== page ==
Conrad Heyer

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File:Conrad Heyer (1852).jpg
Conrad Heyer (1749 - 1856). Photographed in 1852.

Conrad Heyer (1749 - 1856) was an American farmer and veteran of the Revolutionary War who is notable for being the earliest-born person known to have been photographed.[1]

Heyer was born in the village of Waldoboro, Maine, then known as Broad Bay. The settlement had been sacked and depopulated by Wabanaki attacks, and had been resettled with German immigrants recruited from the Rhineland. Among these settlers were the parents of Conrad Heyer, who may have been the first white children born in the settlement.[2]

During the Revolutionary War, Heyer fought for the Continental Army under the command of George Washington. He was among the soldiers who crossed the Delaware River alongside Washington.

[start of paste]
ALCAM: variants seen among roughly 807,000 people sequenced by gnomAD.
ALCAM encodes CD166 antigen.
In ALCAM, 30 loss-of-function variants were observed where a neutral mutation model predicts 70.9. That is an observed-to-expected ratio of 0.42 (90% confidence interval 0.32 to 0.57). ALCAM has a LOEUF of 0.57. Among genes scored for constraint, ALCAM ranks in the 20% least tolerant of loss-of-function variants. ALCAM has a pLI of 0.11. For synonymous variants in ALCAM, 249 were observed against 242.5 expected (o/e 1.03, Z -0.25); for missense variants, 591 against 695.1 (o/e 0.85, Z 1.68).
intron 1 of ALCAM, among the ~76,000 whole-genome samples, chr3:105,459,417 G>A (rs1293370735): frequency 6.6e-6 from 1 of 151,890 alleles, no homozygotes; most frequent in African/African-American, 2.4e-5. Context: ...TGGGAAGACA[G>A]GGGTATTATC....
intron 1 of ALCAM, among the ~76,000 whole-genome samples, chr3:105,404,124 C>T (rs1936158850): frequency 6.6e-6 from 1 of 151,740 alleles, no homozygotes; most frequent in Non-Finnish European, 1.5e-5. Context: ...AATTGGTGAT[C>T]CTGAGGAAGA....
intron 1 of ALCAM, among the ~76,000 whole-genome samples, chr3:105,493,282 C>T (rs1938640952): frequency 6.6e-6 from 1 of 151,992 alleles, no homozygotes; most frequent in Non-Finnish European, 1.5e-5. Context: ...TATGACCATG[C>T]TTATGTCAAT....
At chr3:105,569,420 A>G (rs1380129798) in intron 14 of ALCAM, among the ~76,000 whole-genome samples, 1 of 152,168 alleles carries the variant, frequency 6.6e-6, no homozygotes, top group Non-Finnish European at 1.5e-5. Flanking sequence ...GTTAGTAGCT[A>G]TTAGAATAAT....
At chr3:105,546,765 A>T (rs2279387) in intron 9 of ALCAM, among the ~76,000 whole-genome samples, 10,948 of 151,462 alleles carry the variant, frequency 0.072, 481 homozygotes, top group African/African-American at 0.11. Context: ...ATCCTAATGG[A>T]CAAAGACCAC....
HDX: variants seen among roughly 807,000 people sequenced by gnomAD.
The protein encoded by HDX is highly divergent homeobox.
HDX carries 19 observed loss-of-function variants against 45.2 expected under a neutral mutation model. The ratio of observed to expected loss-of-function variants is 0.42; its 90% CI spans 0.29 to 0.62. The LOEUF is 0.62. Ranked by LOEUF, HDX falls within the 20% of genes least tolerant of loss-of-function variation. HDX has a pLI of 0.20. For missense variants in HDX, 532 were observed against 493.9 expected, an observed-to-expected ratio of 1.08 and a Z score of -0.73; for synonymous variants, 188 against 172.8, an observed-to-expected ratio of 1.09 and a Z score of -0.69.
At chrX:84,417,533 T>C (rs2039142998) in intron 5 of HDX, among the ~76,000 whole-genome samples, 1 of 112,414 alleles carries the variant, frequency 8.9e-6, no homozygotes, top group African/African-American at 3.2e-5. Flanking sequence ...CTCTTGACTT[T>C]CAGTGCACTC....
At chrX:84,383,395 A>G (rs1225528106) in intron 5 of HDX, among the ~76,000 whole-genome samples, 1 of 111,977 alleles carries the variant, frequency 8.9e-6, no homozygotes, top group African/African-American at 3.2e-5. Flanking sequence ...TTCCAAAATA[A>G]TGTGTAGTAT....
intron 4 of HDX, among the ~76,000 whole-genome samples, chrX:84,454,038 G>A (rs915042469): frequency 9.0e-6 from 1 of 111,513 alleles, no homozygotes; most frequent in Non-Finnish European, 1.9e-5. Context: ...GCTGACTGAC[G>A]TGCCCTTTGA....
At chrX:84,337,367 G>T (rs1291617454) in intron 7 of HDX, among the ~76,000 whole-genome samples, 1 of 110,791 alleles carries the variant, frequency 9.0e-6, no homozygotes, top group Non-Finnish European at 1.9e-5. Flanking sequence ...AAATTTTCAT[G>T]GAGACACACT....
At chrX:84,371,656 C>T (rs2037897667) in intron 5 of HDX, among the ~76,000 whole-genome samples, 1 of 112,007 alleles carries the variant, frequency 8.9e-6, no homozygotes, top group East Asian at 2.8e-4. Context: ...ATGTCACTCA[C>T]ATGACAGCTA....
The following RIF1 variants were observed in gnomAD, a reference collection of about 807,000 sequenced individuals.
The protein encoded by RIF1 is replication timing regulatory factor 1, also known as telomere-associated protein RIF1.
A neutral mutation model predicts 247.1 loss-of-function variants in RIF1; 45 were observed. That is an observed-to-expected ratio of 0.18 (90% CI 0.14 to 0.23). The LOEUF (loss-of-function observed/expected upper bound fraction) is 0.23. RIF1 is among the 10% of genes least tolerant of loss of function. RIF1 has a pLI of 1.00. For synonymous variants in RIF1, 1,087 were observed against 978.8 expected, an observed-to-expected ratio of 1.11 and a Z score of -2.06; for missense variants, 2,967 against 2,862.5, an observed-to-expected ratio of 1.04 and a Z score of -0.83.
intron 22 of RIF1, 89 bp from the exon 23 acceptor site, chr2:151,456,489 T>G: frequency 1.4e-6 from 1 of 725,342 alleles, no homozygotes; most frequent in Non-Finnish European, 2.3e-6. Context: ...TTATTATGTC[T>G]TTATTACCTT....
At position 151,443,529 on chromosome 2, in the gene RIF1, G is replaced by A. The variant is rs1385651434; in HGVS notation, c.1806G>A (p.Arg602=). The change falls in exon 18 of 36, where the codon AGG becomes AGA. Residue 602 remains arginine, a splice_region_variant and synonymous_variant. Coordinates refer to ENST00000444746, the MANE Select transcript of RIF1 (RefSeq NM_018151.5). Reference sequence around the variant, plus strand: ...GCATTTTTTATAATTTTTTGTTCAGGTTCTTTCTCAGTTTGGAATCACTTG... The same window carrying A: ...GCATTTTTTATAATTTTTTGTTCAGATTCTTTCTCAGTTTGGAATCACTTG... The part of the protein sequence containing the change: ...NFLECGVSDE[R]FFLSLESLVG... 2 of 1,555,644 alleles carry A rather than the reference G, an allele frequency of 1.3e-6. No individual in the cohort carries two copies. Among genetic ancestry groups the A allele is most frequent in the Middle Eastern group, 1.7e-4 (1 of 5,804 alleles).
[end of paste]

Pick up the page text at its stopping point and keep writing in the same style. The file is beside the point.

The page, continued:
After the war Heyer returned to Waldoboro, where he made a living as a farmer until his death in 1856. In 1852, aged 103, he posed for a daguerreotype portrait, and thereby became the earliest-born person of whom a photograph is known to exist.[3]

References

  1. Schultz, Colin (2013-11-11). "Conrad Heyer, a Revolutionary War Veteran, Was the Earliest-Born American To Ever Be Photographed". Retrieved 15 August 2015.<templatestyles src="Module:Citation/CS1/styles.css"></templatestyles>
  2. "New England man had oldest birth date ever to be photographed". 2013-06-25. Retrieved 18 October 2015.<templatestyles src="Module:Citation/CS1/styles.css"></templatestyles>
  3. Frank, Priscilla (2014-05-27). "This Is Conrad Hayer, A Man Who Made Photographic History At 103 Years Old". Retrieved 15 August 2015.<templatestyles src="Module:Citation/CS1/styles.css"></templatestyles>